Who is having the tea that Scout attends in To Kill a Mockingbird?
The ladies of the Maycomb Alabama Methodist Episcopal Church South portray an unflattering side of Southern womenhood in Chapter 24 of Harper Lee's novel, To Kill a Mockingbird. The women's missionary group gathers for tea regularly, and it is Aunt Alexandra's turn to host them at the Finch house. Mrs. Merriweather delivers a report on the Mrunas of Africa, a poor tribe (fictional, actually) that has had Christianity thrust upon them by the heroic missionary, J. Grimes Everett (another Lee creation). But other subjects begin to take precedent: First, they discuss Scout's unladylike appearance, and then the talk turns to the black problem in Maycomb since the Tom Robinson conviction. Despite their concern for the poor Mrunas, they have little sympathy for their black neighbors in town. Their hypocrisy is not lost on Miss Maudie, who fires back at Mrs. Merriweather.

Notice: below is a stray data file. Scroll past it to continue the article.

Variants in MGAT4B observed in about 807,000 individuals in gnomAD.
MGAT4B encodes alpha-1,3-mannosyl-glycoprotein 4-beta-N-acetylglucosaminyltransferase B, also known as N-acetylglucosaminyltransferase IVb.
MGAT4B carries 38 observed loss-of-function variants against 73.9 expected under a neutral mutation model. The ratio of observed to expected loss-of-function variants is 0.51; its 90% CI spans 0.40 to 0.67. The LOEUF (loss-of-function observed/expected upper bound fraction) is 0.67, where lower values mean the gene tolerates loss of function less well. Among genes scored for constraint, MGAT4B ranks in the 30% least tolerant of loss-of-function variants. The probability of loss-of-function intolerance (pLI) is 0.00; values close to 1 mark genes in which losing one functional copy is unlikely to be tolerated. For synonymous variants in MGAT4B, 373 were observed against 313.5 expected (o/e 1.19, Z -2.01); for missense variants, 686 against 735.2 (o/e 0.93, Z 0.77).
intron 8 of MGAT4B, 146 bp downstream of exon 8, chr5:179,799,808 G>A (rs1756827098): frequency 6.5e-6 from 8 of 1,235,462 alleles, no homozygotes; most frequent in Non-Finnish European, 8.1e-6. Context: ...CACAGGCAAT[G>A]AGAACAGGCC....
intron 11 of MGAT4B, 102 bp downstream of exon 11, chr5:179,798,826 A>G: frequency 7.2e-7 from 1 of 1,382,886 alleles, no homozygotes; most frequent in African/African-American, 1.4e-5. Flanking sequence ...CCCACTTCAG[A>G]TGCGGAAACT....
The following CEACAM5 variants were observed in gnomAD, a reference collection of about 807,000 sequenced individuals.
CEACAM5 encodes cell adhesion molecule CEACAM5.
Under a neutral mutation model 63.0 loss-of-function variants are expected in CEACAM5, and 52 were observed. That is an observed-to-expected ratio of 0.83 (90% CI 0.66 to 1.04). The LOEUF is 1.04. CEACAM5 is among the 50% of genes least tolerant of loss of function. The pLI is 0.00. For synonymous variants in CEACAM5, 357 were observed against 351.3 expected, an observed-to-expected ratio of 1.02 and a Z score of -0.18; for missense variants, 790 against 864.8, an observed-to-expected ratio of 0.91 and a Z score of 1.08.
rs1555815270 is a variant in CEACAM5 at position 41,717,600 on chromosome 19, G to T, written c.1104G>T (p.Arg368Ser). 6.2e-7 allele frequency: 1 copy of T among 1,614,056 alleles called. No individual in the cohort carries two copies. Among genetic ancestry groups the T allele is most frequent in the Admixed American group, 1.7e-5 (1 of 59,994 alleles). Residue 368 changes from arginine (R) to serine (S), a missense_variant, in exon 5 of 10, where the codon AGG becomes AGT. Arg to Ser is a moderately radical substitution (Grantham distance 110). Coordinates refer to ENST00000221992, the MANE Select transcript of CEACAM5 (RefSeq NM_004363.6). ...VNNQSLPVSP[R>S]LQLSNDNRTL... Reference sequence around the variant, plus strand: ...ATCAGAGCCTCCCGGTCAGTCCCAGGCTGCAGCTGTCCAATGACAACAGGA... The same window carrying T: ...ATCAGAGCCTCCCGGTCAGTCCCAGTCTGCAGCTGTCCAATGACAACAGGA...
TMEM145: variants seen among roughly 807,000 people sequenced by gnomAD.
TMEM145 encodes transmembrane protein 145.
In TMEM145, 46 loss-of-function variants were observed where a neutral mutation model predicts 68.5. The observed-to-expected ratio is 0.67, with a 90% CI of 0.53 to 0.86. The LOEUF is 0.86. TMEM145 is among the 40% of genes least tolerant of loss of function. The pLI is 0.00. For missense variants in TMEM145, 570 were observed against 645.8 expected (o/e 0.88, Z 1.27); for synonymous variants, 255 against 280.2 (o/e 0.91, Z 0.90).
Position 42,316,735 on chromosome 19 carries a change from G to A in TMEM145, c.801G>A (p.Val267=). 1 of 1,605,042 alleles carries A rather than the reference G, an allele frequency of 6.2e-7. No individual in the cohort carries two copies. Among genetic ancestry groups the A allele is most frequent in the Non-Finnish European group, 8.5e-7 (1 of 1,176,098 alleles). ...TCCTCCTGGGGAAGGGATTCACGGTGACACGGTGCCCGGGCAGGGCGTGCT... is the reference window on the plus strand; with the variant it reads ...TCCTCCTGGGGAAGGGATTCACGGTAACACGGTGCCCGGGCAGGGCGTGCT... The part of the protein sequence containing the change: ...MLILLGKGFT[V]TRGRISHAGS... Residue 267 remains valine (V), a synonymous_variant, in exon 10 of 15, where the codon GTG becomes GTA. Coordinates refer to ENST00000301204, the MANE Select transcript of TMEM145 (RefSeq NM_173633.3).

But Atticus arrives, and he has bad news: Tom Robinson has been killed. He informs Maudie, Alexandra and Scout; they are upset, but they recover and rejoin the rest of the women, since the tea must go on. Scout is impressed with the mannerly, ladylike composure of Maudie and Alexandra, and decides that
After all, if Aunty could be a lady at a time like this, so could I.